Author: Nina Evans, Researcher & Trainer in Public Health/19 September 2018
With the current contention around further food fortification, this week’s blog discusses what fortification is, what products in the UK have added nutrients and what’s the debate surrounding it all.
Micronutrients are dietary components (such as vitamins and minerals) which are needed in minute quantities but are essential for normal growth, development, disease prevention and wellbeing. When a person consumes inadequate amounts of micronutrients, complications and adverse effects are likely to develop and can sometimes arise without showing any symptoms. Micronutrient deficiencies are a major concern worldwide as over two billion people are thought to be affected. This isn’t just a major concern in developing countries, there are a significant number of people in the UK who are suffering vitamin and mineral deficiencies. The most recent findings from the National Diet and Nutrition Survey (NDNS) suggest that UK males fell below dietary targets for five micronutrients (magnesium, potassium, zinc, selenium, and copper) whilst UK females fell short for seven micronutrients (calcium, iron, magnesium, potassium, selenium, iodine and copper). The most common being iron deficiency, which is prevalent in 5% of adult women.
In an attempt to reduce micronutrient deficiencies in a total population, manufacturers can add nutrients to foods to enhance their nutrient content. This is known as food fortification.
Food fortification is not used solely to improve the nutritional status of a population, it is also used to minimise the effects of processing and to give a substitute food a similar nutritional value to its replacement. Food fortification, depending on the country, micronutrient or product, can be mandatory or voluntary. In the UK, flour (all wheat flour except wholemeal) and margarine have to be fortified by law. If manufactures voluntarily fortify foods, only permitted vitamins and minerals which are in their bioavailable form can be added.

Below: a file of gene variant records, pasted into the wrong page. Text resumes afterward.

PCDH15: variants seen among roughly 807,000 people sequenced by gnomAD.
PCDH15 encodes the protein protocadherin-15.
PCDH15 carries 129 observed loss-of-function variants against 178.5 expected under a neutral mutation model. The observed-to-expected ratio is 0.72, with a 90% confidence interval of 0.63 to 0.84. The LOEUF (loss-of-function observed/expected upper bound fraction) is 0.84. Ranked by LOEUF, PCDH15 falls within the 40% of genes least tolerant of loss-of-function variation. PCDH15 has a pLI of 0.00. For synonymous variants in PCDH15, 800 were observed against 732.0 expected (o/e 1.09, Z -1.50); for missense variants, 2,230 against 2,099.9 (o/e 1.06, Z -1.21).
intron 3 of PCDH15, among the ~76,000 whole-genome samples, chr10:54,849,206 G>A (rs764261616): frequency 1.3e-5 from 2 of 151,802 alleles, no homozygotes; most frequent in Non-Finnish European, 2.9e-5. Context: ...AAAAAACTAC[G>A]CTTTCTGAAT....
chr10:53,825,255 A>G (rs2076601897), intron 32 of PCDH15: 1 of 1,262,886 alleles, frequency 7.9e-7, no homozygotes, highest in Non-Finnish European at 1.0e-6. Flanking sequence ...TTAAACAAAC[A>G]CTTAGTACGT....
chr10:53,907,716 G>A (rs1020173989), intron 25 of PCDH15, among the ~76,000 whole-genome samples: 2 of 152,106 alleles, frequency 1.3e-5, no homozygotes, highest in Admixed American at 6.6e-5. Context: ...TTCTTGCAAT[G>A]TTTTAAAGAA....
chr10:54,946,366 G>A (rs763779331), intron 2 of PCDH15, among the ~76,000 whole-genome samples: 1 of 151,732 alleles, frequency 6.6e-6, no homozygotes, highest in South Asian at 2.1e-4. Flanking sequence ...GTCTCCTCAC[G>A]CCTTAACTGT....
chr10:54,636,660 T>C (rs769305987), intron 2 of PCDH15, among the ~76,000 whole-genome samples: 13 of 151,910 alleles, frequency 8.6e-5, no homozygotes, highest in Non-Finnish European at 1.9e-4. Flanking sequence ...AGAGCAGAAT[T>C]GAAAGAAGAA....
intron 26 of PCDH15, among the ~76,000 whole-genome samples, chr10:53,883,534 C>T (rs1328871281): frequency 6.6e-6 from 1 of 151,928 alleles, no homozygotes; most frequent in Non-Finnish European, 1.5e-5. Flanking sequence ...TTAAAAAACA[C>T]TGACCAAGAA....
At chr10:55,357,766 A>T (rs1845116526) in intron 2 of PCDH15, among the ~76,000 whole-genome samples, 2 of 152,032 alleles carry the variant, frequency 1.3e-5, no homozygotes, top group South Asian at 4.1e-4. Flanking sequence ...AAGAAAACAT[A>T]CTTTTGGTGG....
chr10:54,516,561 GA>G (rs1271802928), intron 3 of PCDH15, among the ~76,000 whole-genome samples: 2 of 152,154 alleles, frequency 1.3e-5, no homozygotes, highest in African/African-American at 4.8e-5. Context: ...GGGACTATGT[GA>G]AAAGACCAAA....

What foods are fortified in the UK?
Fortified foods can make an important contribution to some UK diets and are probably more common than you think. If we take a look at cupboard staples, all of the following can be fortified: breakfast cereals (contributing to 20% iron intake and 13-24% of Vitamin D in adults), margarine and spreads (add Vitamin A and D, so they’re comparable to butter), flour (except wholemeal is fortified by law with calcium, iron, niacin and thiamine), fruit juice (commonly add Vitamin C, calcium and omega-3), eggs (widely available enriched with Omega 3) and bread (widely available Omega 3 and newly Vitamin D).
Although food fortification is an effective way to increase total population micronutrient consumption – is it always a good thing? Some argue that without fortification policy certain sub-groups would be vulnerable to micronutrient deficiency and fortified foods are currently crucial for key nutrients in their diets. Others feel that fortifying food is ‘mass medication’ and concerns are raised about the safety of excessive nutrient intakes. For example, the possibility of fortifying flour with folic acid is currently an area of contention in the UK. Inadequate folate consumption during conception and early pregnancy have been shown to increase the risk of neural birth defects. The dispute lies within the ‘tolerable upper intake level’ set for folic acid at 1mg per day and fortification of flour could cause some individuals to exceed this limit.